How to find the best architect for your home improvement

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  1. MichelleMichelle says

    Great post! We have been searching for our next house for what seems like forever, and don’t like anything. We have really been thinking about building our next home. A little nervous though!



Understand the scope of services that are being provided

Regulations impose that there must be an appointment agreement in writing. The client must be told what the architect has committed to deliver and what their obligations are in return. As part of this documentation it is important that a client understands and has a realistic expectation of the scope of services that the architect is going to provide. This could entail establishing how far along the route you wish to employ the architect, i.e. only as far as planning, include building regulations, the tender of the building contract, inspection of works on site and administration of the contract. It could also be as simple as deciding how many options might be shown in the feasibility stage.

4. Find an Architect Who Has Experience With Planners

When choosing an architect, it can make all the difference if they have previous (successful) experience of dealing with local planners.

While planning permission for certain projects will always be contentious, regardless of whether your project is small and simple or large and detailed, it pays to have someone fighting your corner who is familiar with your planning authority — they will know what might or might not gain approval, they will have an understanding of the success rate of other projects in the area, and will have built a rapport with those deciding your fate.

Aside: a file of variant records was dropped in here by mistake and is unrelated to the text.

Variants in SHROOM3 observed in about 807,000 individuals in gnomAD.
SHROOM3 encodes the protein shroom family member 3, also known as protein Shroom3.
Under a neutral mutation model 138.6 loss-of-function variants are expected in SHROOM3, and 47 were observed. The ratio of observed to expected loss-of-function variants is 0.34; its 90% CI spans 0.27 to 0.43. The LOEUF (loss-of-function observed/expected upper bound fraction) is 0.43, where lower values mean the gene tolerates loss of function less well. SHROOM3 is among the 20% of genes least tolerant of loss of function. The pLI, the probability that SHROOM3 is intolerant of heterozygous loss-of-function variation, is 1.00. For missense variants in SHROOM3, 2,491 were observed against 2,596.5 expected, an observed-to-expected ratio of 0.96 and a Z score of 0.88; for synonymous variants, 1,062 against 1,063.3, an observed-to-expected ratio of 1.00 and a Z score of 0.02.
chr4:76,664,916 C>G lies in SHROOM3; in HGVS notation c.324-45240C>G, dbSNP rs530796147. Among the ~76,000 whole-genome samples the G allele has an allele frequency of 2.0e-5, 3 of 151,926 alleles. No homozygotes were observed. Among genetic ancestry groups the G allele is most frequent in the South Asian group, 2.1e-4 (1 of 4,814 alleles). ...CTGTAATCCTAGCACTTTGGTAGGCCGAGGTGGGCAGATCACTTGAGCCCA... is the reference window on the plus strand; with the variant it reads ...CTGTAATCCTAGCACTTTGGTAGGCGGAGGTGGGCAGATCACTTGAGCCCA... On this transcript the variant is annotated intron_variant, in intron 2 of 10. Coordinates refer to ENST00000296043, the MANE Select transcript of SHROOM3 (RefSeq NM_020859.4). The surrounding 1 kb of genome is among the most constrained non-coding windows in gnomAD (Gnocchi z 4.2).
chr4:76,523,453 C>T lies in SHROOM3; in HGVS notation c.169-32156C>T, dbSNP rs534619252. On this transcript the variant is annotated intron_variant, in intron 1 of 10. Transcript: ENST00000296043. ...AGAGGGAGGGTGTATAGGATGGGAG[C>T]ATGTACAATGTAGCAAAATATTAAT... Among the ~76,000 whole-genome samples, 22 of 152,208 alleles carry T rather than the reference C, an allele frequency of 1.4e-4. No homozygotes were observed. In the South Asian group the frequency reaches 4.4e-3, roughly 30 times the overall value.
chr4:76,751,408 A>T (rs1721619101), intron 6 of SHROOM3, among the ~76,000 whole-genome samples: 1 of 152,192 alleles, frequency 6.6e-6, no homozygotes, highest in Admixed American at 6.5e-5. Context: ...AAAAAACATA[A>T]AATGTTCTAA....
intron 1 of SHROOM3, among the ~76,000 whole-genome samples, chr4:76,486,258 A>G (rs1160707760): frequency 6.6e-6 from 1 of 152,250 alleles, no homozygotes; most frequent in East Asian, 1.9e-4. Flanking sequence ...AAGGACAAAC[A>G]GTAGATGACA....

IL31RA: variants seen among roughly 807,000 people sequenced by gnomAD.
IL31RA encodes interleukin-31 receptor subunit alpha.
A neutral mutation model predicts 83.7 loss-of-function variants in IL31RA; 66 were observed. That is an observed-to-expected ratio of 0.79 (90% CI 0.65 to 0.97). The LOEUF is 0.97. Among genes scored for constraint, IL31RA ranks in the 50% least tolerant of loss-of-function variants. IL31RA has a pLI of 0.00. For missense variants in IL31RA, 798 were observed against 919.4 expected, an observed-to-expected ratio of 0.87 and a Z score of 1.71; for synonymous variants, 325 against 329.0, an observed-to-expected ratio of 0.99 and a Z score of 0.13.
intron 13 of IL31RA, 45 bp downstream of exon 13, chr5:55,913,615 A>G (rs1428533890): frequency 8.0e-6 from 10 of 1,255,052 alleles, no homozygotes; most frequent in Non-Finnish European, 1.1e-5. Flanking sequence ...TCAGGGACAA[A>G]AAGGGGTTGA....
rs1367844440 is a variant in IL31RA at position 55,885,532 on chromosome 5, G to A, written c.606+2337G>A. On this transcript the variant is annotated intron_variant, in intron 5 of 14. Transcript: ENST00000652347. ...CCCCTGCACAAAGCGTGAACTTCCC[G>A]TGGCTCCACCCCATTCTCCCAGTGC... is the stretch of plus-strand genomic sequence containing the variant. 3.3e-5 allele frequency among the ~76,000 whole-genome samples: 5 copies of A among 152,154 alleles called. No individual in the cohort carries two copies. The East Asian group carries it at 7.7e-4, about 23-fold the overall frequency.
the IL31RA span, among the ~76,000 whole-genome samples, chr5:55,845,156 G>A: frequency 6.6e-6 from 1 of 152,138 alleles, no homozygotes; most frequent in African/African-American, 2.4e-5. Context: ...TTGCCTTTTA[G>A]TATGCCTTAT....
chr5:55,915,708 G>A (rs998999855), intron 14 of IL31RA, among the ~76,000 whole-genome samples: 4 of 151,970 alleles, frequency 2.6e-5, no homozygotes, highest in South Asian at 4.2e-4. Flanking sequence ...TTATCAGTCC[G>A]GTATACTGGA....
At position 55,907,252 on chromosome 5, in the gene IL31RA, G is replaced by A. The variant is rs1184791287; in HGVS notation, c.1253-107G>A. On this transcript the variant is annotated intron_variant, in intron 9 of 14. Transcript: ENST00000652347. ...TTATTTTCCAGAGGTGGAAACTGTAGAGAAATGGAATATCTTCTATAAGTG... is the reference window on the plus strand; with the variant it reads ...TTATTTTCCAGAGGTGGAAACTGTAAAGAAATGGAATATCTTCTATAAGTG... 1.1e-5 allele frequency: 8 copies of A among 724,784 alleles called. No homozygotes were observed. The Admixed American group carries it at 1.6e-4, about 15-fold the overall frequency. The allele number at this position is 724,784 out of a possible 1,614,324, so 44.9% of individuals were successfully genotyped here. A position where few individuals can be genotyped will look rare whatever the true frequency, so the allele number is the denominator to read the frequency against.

Should Architects Charge Percentage of Construction Costs?

I live in the San Francisco Bay Area and am beginning the process of building a house on a piece of land I own. I spoke to an architect who quoted me “10-15%” range for plan fees. In this area that corresponds to roughly $150,000 – $225,000 for a set of plans. He said he can do the plans in 3-4 months, and that it will take about a year to get it through the planning department. This seems quite high to me, and makes me wonder why plans should cost a percentage of “construction cost”, which have gone up dramatically in the last few years. Thanks.


Hiring an architect for the full suite of services – from preliminary design to move-in – sounds pretty appealing if you don’t have the time or skills to design and manage the project yourself.  And if you find the right architect, it is. You will be relieved of a lot of responsibilities and headaches. But this comes at a pretty steep price.

Most architects will work for either an hourly rate or for a fixed fee based on a percentage of the construction costs – or some combination of the two. For example, some architects charge a fixed fee for portions of the work that are predictable and an hourly rate for less predictable tasks, like client meetings and plan revisions. Some charge an hourly rate with a guaranteed maximum or a fixed-fee with a cap on the architect’s hours. For example, after a certain number of hours in client meetings or site visits, an hourly rate kicks in.

It seems like there are as many variations as architecture firms,  which can make it difficult for a client gauge the actual cost and compare costs between firms. Some firms charge different rates for different packages of services, ranging from basic design to full service, including bidding and construction administration.

Typical fixed fees for a full-service contract range from  5% to 15% of construction costs for new construction, and from 10% to 20% for remodeling. Rates for remodeling projects are typically higher as they tend to be more time-consuming due to the messy and unpredictable nature of remodeling.  Rates will vary with the reputation and size of the firm, complexity of the project, region of the country, the current economy, and your success at negotiating.

Price differences will also reflect the level of service provided. Are you getting the minimum set of plans required to get a building permit? Or will you be getting a high level of detail with many additional drawings and detailed specifications, plus bidding and construction administration?  Make sure you get a clear description of the services offered so you can make more of an apples-to-apples comparison.